Over the last few weeks the media has been full of updates about the Coronavirus – from daily bulletins on the TV to minute by minute stories in your social media feeds – it is hard to avoid. But what if you are living with a mental illness that could be exacerbated by this non-stop rolling news? Peer from our Digital team looks at the simple steps you can take to look after your wellbeing.
Turn off news notifications on your phone.
These days we all have mobile phones next to us 24/7 and the temptation to grab the phone at every notification can be overwhelming. Instead, check your settings and turn off notifications for your news apps. Better still, check to see what apps are sending updates and uninstall them. If you want to stay informed, set some time aside each morning and evening to log onto the internet.
Mute people sharing updates or misinformation.
Both Facebook and Twitter have the ability to mute users. If someone you follow is sharing updates that make you feel uneasy or sharing misinformation then mute them. Muting someone doesn’t mean you have to unfollow them but it does mean you don’t see their posts for a while – and they won’t be notified that you have done this.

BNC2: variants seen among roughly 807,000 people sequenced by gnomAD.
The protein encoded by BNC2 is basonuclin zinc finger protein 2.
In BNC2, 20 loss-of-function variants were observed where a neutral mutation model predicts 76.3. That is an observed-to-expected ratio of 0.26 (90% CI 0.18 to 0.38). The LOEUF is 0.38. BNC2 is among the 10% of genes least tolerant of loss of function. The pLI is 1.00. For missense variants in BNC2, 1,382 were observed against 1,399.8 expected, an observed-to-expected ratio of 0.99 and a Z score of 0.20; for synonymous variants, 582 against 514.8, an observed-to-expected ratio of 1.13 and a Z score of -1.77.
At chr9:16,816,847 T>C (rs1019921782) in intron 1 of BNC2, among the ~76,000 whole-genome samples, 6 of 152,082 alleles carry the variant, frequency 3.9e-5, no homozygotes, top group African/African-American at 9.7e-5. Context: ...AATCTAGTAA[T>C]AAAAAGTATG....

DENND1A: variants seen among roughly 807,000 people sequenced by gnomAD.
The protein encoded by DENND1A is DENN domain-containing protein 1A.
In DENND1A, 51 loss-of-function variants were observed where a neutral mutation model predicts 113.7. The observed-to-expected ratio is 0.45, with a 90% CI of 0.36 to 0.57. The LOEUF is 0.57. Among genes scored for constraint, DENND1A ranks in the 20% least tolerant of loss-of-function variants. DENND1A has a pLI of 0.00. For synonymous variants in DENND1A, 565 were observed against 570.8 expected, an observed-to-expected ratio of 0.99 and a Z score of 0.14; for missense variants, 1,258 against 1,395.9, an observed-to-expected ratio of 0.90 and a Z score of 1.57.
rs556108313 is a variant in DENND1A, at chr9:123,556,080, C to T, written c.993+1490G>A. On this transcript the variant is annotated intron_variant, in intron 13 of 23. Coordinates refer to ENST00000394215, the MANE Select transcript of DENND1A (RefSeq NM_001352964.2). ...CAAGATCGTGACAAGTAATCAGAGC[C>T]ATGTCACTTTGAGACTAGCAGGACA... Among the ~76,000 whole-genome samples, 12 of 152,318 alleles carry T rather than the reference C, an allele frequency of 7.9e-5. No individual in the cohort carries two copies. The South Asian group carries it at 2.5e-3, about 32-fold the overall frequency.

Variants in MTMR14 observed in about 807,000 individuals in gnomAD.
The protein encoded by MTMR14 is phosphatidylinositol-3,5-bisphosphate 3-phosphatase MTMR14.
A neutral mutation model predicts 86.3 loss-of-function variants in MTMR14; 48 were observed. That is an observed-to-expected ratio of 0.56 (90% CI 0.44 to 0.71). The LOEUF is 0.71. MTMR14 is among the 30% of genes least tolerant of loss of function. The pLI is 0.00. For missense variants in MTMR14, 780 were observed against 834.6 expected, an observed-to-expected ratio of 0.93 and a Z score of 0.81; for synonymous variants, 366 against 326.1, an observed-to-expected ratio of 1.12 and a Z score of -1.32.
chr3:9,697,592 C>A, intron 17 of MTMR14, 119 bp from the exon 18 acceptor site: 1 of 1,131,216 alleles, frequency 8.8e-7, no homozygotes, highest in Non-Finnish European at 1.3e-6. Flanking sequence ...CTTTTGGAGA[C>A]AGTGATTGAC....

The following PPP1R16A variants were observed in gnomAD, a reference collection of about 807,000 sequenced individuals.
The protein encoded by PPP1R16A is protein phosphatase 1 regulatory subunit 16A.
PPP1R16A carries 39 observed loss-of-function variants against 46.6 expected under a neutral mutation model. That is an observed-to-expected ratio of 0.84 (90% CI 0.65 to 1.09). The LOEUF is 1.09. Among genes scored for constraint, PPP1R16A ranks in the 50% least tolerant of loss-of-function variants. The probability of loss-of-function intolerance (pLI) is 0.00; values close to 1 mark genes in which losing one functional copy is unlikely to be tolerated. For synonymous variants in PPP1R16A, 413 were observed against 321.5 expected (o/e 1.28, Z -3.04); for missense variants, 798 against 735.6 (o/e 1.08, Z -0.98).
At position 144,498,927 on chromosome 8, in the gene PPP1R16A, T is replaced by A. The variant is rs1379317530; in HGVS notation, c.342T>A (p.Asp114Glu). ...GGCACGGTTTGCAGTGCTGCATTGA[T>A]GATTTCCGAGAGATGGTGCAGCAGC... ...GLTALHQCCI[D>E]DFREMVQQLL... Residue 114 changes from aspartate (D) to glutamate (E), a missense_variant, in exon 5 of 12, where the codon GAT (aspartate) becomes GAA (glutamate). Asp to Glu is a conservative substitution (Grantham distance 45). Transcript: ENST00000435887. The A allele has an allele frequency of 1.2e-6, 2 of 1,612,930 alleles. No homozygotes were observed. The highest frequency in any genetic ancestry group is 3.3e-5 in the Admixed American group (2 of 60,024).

Equip yourself with information from trusted sources.
If you want to equip yourself with the latest information about the Coronavirus then make sure you turn to a source of information that you can trust. While the temptation is to turn to social media for the latest breaking news, getting information from a reliable source is important. Both the World Health Organisation (WHO), The UK Government and the NHS have pages set up to report the latest stats and guidance.